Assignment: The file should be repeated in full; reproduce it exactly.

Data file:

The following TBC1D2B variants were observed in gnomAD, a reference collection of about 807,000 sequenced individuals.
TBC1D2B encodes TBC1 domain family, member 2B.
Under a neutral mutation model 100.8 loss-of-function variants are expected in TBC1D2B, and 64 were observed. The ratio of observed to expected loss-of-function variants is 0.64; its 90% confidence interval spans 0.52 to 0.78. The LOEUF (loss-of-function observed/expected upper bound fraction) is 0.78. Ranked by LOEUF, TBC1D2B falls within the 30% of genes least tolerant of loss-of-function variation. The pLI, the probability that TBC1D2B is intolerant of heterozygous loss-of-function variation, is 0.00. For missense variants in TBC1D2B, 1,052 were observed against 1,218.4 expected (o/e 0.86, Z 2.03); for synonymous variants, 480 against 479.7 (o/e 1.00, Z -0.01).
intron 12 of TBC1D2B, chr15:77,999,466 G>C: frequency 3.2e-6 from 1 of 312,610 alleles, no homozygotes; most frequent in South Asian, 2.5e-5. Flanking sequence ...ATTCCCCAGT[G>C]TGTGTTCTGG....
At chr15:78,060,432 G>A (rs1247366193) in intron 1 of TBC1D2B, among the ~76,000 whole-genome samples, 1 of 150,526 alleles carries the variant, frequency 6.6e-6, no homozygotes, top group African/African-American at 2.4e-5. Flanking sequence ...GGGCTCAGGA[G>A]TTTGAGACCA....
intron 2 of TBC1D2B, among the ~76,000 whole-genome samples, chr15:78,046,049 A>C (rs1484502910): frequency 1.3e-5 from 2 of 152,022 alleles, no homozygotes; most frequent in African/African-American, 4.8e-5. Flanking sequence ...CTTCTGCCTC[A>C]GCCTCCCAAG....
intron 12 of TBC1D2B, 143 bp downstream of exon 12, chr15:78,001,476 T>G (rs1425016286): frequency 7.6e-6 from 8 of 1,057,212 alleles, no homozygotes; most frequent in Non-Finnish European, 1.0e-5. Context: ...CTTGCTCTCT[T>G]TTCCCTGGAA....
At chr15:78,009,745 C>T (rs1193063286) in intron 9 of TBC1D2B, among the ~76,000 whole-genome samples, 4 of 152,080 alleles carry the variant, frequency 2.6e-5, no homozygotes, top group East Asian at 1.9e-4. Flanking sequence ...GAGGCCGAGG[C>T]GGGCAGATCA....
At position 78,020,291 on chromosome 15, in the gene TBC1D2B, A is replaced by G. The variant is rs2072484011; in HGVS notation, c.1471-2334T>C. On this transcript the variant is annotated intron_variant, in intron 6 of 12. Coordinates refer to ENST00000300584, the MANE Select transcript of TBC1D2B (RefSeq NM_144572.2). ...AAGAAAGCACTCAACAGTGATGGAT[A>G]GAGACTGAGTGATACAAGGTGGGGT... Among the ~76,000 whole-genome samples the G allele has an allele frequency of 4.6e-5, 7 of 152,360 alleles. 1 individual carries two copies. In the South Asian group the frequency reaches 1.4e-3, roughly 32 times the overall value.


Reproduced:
The following TBC1D2B variants were observed in gnomAD, a reference collection of about 807,000 sequenced individuals.
TBC1D2B encodes TBC1 domain family, member 2B.
Under a neutral mutation model 100.8 loss-of-function variants are expected in TBC1D2B, and 64 were observed. The ratio of observed to expected loss-of-function variants is 0.64; its 90% confidence interval spans 0.52 to 0.78. The LOEUF (loss-of-function observed/expected upper bound fraction) is 0.78. Ranked by LOEUF, TBC1D2B falls within the 30% of genes least tolerant of loss-of-function variation. The pLI, the probability that TBC1D2B is intolerant of heterozygous loss-of-function variation, is 0.00. For missense variants in TBC1D2B, 1,052 were observed against 1,218.4 expected (o/e 0.86, Z 2.03); for synonymous variants, 480 against 479.7 (o/e 1.00, Z -0.01).
intron 12 of TBC1D2B, chr15:77,999,466 G>C: frequency 3.2e-6 from 1 of 312,610 alleles, no homozygotes; most frequent in South Asian, 2.5e-5. Flanking sequence ...ATTCCCCAGT[G>C]TGTGTTCTGG....
At chr15:78,060,432 G>A (rs1247366193) in intron 1 of TBC1D2B, among the ~76,000 whole-genome samples, 1 of 150,526 alleles carries the variant, frequency 6.6e-6, no homozygotes, top group African/African-American at 2.4e-5. Flanking sequence ...GGGCTCAGGA[G>A]TTTGAGACCA....
intron 2 of TBC1D2B, among the ~76,000 whole-genome samples, chr15:78,046,049 A>C (rs1484502910): frequency 1.3e-5 from 2 of 152,022 alleles, no homozygotes; most frequent in African/African-American, 4.8e-5. Flanking sequence ...CTTCTGCCTC[A>C]GCCTCCCAAG....
intron 12 of TBC1D2B, 143 bp downstream of exon 12, chr15:78,001,476 T>G (rs1425016286): frequency 7.6e-6 from 8 of 1,057,212 alleles, no homozygotes; most frequent in Non-Finnish European, 1.0e-5. Context: ...CTTGCTCTCT[T>G]TTCCCTGGAA....
At chr15:78,009,745 C>T (rs1193063286) in intron 9 of TBC1D2B, among the ~76,000 whole-genome samples, 4 of 152,080 alleles carry the variant, frequency 2.6e-5, no homozygotes, top group East Asian at 1.9e-4. Flanking sequence ...GAGGCCGAGG[C>T]GGGCAGATCA....
At position 78,020,291 on chromosome 15, in the gene TBC1D2B, A is replaced by G. The variant is rs2072484011; in HGVS notation, c.1471-2334T>C. On this transcript the variant is annotated intron_variant, in intron 6 of 12. Coordinates refer to ENST00000300584, the MANE Select transcript of TBC1D2B (RefSeq NM_144572.2). ...AAGAAAGCACTCAACAGTGATGGAT[A>G]GAGACTGAGTGATACAAGGTGGGGT... Among the ~76,000 whole-genome samples the G allele has an allele frequency of 4.6e-5, 7 of 152,360 alleles. 1 individual carries two copies. In the South Asian group the frequency reaches 1.4e-3, roughly 32 times the overall value.